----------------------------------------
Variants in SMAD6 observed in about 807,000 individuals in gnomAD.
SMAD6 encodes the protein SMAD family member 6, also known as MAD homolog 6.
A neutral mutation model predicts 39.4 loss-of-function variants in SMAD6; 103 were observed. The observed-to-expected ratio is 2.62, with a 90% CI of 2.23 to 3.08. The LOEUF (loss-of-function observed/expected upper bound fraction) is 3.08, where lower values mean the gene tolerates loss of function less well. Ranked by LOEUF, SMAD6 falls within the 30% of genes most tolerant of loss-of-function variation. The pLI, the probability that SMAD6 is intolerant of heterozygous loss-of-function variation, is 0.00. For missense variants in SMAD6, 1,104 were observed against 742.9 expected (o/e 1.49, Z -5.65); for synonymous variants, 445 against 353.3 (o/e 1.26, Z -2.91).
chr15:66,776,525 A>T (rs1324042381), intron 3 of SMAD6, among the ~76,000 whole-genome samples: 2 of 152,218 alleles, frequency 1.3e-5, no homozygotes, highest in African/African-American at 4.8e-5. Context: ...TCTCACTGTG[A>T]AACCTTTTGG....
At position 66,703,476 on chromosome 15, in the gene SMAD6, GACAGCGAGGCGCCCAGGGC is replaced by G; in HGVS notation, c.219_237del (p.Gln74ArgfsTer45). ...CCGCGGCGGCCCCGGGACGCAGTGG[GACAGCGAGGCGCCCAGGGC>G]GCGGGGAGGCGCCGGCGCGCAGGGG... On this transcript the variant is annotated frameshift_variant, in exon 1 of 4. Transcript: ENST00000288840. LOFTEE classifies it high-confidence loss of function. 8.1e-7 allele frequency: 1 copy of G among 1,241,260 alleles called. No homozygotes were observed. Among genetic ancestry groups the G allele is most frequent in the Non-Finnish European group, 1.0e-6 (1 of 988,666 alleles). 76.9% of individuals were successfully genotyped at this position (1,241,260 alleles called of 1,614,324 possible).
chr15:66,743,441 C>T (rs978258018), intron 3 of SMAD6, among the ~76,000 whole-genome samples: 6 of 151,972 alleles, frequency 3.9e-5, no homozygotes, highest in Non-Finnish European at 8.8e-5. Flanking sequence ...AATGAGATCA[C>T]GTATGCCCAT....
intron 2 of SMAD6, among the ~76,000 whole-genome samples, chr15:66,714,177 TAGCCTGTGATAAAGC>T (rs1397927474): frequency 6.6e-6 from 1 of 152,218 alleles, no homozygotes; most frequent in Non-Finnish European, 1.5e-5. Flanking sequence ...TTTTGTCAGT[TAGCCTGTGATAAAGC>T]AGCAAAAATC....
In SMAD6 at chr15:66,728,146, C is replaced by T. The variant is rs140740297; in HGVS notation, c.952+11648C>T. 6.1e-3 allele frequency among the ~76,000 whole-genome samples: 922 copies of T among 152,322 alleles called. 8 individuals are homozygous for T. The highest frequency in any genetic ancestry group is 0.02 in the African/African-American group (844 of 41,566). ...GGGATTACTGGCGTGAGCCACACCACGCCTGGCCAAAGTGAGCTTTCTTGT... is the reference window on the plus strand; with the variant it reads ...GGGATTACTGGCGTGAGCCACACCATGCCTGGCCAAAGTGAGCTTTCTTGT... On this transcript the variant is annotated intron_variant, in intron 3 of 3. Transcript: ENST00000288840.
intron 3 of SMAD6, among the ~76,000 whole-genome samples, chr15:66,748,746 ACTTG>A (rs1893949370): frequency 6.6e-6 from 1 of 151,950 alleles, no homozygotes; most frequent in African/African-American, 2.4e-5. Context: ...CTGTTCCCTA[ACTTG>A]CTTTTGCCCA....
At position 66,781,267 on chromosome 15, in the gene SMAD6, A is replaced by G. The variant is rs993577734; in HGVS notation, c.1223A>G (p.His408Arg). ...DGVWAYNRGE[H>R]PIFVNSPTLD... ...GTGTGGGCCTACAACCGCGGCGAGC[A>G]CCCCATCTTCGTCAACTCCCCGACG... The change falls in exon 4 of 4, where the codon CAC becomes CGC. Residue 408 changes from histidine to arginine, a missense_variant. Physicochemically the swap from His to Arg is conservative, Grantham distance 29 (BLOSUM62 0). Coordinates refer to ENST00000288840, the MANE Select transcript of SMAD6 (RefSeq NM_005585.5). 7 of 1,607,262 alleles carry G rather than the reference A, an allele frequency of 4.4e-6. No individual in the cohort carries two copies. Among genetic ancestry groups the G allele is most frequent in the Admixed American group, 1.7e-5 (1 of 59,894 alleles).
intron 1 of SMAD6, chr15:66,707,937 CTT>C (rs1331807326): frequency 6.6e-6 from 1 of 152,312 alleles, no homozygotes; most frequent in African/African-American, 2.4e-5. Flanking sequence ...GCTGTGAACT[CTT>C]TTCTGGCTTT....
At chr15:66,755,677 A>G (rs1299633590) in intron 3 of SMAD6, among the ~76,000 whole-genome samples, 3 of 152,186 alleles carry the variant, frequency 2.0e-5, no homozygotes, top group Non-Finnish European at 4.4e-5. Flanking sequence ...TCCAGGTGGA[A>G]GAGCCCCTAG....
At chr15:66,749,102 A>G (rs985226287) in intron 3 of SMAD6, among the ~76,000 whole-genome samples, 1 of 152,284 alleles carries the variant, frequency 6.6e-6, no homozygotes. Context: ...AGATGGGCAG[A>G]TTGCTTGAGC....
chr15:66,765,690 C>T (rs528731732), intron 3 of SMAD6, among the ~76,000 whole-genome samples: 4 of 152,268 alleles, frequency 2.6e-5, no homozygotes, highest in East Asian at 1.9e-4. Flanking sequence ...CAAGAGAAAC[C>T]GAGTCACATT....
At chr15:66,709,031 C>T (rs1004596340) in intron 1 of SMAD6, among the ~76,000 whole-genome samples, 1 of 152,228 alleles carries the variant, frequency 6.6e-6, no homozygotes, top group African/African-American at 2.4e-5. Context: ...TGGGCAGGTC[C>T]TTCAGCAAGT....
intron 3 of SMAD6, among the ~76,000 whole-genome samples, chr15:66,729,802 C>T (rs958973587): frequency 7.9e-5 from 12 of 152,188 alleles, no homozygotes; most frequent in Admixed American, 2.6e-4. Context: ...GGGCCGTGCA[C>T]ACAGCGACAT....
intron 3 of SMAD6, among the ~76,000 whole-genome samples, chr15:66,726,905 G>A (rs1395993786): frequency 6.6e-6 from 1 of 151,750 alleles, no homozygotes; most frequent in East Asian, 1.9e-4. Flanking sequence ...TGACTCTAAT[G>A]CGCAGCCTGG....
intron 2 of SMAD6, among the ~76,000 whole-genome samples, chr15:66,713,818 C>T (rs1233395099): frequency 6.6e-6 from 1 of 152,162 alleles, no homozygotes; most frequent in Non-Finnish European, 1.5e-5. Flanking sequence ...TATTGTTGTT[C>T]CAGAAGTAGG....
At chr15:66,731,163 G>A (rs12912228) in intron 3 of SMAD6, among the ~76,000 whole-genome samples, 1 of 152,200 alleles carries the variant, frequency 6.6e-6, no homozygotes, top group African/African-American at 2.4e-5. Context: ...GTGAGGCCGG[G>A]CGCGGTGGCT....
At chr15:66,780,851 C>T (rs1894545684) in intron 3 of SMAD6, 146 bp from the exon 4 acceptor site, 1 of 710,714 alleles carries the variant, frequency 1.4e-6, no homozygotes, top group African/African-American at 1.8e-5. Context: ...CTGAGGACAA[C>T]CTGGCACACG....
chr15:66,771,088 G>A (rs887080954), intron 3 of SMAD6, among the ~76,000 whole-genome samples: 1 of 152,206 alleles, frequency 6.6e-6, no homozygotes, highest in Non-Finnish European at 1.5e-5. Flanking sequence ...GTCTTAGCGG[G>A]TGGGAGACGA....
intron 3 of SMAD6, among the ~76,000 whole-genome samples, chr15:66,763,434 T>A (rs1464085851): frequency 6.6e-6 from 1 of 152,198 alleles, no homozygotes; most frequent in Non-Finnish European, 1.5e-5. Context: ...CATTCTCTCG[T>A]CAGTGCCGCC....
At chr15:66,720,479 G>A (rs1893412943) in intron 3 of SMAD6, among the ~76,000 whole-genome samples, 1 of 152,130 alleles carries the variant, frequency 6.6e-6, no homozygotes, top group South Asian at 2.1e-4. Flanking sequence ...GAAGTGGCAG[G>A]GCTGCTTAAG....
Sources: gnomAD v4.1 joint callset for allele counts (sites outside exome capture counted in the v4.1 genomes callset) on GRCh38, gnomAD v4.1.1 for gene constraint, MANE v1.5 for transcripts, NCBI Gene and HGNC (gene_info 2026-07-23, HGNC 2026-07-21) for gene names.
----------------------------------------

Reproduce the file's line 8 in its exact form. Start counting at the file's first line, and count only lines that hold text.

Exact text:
In SMAD6 at chr15:66,728,146, C is replaced by T. The variant is rs140740297; in HGVS notation, c.952+11648C>T. 6.1e-3 allele frequency among the ~76,000 whole-genome samples: 922 copies of T among 152,322 alleles called. 8 individuals are homozygous for T. The highest frequency in any genetic ancestry group is 0.02 in the African/African-American group (844 of 41,566). ...GGGATTACTGGCGTGAGCCACACCACGCCTGGCCAAAGTGAGCTTTCTTGT... is the reference window on the plus strand; with the variant it reads ...GGGATTACTGGCGTGAGCCACACCATGCCTGGCCAAAGTGAGCTTTCTTGT... On this transcript the variant is annotated intron_variant, in intron 3 of 3. Transcript: ENST00000288840.